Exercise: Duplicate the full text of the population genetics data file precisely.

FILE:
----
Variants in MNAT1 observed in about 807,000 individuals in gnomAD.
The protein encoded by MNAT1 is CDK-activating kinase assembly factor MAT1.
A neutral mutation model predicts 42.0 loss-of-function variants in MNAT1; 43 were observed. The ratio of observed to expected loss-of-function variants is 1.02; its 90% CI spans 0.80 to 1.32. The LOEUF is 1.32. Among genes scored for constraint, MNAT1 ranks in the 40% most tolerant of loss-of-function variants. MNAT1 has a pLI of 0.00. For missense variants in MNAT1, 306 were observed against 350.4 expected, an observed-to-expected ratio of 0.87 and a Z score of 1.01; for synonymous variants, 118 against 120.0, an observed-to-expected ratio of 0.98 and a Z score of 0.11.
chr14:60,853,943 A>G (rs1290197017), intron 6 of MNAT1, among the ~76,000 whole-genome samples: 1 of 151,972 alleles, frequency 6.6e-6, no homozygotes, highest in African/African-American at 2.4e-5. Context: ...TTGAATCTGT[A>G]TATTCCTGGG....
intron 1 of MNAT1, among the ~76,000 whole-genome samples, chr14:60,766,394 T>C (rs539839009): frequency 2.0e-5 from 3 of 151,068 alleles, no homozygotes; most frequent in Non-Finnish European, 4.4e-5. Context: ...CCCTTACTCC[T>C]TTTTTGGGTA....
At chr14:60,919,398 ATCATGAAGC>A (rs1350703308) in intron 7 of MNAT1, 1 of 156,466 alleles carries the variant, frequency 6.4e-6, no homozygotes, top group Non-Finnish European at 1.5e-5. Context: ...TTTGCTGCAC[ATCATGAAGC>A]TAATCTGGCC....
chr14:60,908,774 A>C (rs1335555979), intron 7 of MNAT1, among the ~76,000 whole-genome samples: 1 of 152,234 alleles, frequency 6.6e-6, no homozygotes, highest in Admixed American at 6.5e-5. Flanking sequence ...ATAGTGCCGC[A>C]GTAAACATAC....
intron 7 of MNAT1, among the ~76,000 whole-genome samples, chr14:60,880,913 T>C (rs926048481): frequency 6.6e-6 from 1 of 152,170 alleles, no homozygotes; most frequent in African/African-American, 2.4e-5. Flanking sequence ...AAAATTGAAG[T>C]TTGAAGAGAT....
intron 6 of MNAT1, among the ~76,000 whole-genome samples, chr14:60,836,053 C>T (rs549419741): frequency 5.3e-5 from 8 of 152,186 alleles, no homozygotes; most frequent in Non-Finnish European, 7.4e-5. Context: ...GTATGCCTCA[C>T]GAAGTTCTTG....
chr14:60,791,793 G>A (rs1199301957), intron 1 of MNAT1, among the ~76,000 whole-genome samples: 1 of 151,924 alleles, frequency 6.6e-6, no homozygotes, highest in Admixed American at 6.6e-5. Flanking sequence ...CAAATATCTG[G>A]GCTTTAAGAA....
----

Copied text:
Variants in MNAT1 observed in about 807,000 individuals in gnomAD.
The protein encoded by MNAT1 is CDK-activating kinase assembly factor MAT1.
A neutral mutation model predicts 42.0 loss-of-function variants in MNAT1; 43 were observed. The ratio of observed to expected loss-of-function variants is 1.02; its 90% CI spans 0.80 to 1.32. The LOEUF is 1.32. Among genes scored for constraint, MNAT1 ranks in the 40% most tolerant of loss-of-function variants. MNAT1 has a pLI of 0.00. For missense variants in MNAT1, 306 were observed against 350.4 expected, an observed-to-expected ratio of 0.87 and a Z score of 1.01; for synonymous variants, 118 against 120.0, an observed-to-expected ratio of 0.98 and a Z score of 0.11.
chr14:60,853,943 A>G (rs1290197017), intron 6 of MNAT1, among the ~76,000 whole-genome samples: 1 of 151,972 alleles, frequency 6.6e-6, no homozygotes, highest in African/African-American at 2.4e-5. Context: ...TTGAATCTGT[A>G]TATTCCTGGG....
intron 1 of MNAT1, among the ~76,000 whole-genome samples, chr14:60,766,394 T>C (rs539839009): frequency 2.0e-5 from 3 of 151,068 alleles, no homozygotes; most frequent in Non-Finnish European, 4.4e-5. Context: ...CCCTTACTCC[T>C]TTTTTGGGTA....
At chr14:60,919,398 ATCATGAAGC>A (rs1350703308) in intron 7 of MNAT1, 1 of 156,466 alleles carries the variant, frequency 6.4e-6, no homozygotes, top group Non-Finnish European at 1.5e-5. Context: ...TTTGCTGCAC[ATCATGAAGC>A]TAATCTGGCC....
chr14:60,908,774 A>C (rs1335555979), intron 7 of MNAT1, among the ~76,000 whole-genome samples: 1 of 152,234 alleles, frequency 6.6e-6, no homozygotes, highest in Admixed American at 6.5e-5. Flanking sequence ...ATAGTGCCGC[A>C]GTAAACATAC....
intron 7 of MNAT1, among the ~76,000 whole-genome samples, chr14:60,880,913 T>C (rs926048481): frequency 6.6e-6 from 1 of 152,170 alleles, no homozygotes; most frequent in African/African-American, 2.4e-5. Flanking sequence ...AAAATTGAAG[T>C]TTGAAGAGAT....
intron 6 of MNAT1, among the ~76,000 whole-genome samples, chr14:60,836,053 C>T (rs549419741): frequency 5.3e-5 from 8 of 152,186 alleles, no homozygotes; most frequent in Non-Finnish European, 7.4e-5. Context: ...GTATGCCTCA[C>T]GAAGTTCTTG....
chr14:60,791,793 G>A (rs1199301957), intron 1 of MNAT1, among the ~76,000 whole-genome samples: 1 of 151,924 alleles, frequency 6.6e-6, no homozygotes, highest in Admixed American at 6.6e-5. Flanking sequence ...CAAATATCTG[G>A]GCTTTAAGAA....